A systematic review of outcomes following stereotactic ablative radiotherapy in the treatment of early-stage primary lung cancer
Patrick Murray, Kevin Franks, Gerard G Hanna
BRITISH JOURNAL OF RADIOLOGY | BRITISH INST RADIOLOGY | Published : 2017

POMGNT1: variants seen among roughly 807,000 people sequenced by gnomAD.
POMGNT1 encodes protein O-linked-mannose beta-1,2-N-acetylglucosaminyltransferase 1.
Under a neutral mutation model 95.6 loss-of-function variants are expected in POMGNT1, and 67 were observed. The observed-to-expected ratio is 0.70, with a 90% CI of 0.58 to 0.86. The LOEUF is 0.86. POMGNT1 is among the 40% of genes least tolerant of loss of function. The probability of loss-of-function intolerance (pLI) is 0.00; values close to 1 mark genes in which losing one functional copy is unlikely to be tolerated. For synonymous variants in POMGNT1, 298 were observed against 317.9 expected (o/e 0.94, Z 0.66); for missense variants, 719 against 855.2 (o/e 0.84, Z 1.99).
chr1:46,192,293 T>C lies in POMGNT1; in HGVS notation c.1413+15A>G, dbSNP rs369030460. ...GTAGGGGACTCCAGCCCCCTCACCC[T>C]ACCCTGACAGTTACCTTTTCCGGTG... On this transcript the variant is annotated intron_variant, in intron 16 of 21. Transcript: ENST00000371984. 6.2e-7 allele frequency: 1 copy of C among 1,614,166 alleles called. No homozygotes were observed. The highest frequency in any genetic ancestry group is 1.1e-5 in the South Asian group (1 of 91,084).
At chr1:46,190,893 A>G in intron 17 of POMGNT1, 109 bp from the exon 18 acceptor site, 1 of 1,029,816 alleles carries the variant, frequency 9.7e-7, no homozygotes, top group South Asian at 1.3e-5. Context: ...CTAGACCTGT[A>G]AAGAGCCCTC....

Stereotactic ablative body radiotherapy (SABR) describes a radiotherapy (RT) technique where high doses of radiation are precisely delivered to an extracranial target within the body, using either a single fraction of RT or using multiple small numbers of fractions. SABR has now become the standard of care treatment for patients with early-stage non-small-cell lung cancer (NSCLC) for whom surgery is not appropriate. This systematic review considers the evidence supporting the use of SABR in early-stage NSCLC, reported toxicity rates, the use of SABR in centrally located NSCLC, the use of SABR as salvage therapy following surgery or RT, and future potential drug combinations with SABR.